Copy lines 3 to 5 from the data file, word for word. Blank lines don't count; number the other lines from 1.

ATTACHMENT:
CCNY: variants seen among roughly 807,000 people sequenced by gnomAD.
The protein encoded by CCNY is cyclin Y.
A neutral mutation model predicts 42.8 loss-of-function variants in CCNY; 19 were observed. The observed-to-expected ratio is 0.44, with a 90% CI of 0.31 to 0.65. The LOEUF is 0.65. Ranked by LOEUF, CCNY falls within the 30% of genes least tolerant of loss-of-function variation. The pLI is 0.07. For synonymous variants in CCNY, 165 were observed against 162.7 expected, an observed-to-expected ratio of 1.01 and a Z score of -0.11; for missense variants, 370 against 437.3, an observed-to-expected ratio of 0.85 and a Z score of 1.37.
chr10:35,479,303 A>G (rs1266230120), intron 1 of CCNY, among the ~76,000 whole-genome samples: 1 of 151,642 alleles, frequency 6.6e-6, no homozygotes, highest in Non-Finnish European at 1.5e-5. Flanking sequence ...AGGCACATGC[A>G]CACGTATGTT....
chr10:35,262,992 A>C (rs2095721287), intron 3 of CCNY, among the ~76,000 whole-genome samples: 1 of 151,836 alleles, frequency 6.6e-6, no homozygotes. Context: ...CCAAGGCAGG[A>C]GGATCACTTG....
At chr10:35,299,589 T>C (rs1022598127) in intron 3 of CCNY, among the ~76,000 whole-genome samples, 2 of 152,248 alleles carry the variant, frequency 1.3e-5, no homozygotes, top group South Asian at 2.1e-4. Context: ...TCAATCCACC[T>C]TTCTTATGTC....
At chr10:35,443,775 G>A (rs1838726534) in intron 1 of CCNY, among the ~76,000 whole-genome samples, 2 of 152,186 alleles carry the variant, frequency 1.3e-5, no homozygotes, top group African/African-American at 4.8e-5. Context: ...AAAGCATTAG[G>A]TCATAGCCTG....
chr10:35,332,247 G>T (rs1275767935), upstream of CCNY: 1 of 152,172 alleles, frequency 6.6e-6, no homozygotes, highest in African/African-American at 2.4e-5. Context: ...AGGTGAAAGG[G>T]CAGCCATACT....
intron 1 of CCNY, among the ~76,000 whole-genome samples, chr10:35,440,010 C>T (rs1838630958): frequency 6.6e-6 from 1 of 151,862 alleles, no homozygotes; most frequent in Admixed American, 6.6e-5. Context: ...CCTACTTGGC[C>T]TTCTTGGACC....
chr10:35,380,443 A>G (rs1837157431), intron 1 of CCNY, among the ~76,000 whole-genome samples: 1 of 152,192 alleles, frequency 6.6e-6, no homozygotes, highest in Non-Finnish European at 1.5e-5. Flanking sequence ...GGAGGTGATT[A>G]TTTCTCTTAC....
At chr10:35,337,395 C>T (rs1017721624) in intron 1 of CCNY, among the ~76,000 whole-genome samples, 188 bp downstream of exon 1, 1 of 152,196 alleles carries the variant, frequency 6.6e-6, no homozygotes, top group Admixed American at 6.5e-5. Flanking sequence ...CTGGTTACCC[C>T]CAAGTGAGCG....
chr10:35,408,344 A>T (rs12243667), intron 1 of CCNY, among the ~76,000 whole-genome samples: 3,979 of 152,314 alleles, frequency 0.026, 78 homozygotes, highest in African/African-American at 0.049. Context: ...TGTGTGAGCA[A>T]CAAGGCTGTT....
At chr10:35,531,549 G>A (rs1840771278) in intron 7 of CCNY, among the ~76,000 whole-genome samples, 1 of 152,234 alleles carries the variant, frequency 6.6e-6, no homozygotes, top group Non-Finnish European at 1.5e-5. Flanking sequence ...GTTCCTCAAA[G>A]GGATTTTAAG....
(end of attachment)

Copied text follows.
A neutral mutation model predicts 42.8 loss-of-function variants in CCNY; 19 were observed. The observed-to-expected ratio is 0.44, with a 90% CI of 0.31 to 0.65. The LOEUF is 0.65. Ranked by LOEUF, CCNY falls within the 30% of genes least tolerant of loss-of-function variation. The pLI is 0.07. For synonymous variants in CCNY, 165 were observed against 162.7 expected, an observed-to-expected ratio of 1.01 and a Z score of -0.11; for missense variants, 370 against 437.3, an observed-to-expected ratio of 0.85 and a Z score of 1.37.
chr10:35,479,303 A>G (rs1266230120), intron 1 of CCNY, among the ~76,000 whole-genome samples: 1 of 151,642 alleles, frequency 6.6e-6, no homozygotes, highest in Non-Finnish European at 1.5e-5. Flanking sequence ...AGGCACATGC[A>G]CACGTATGTT....
chr10:35,262,992 A>C (rs2095721287), intron 3 of CCNY, among the ~76,000 whole-genome samples: 1 of 151,836 alleles, frequency 6.6e-6, no homozygotes. Context: ...CCAAGGCAGG[A>C]GGATCACTTG....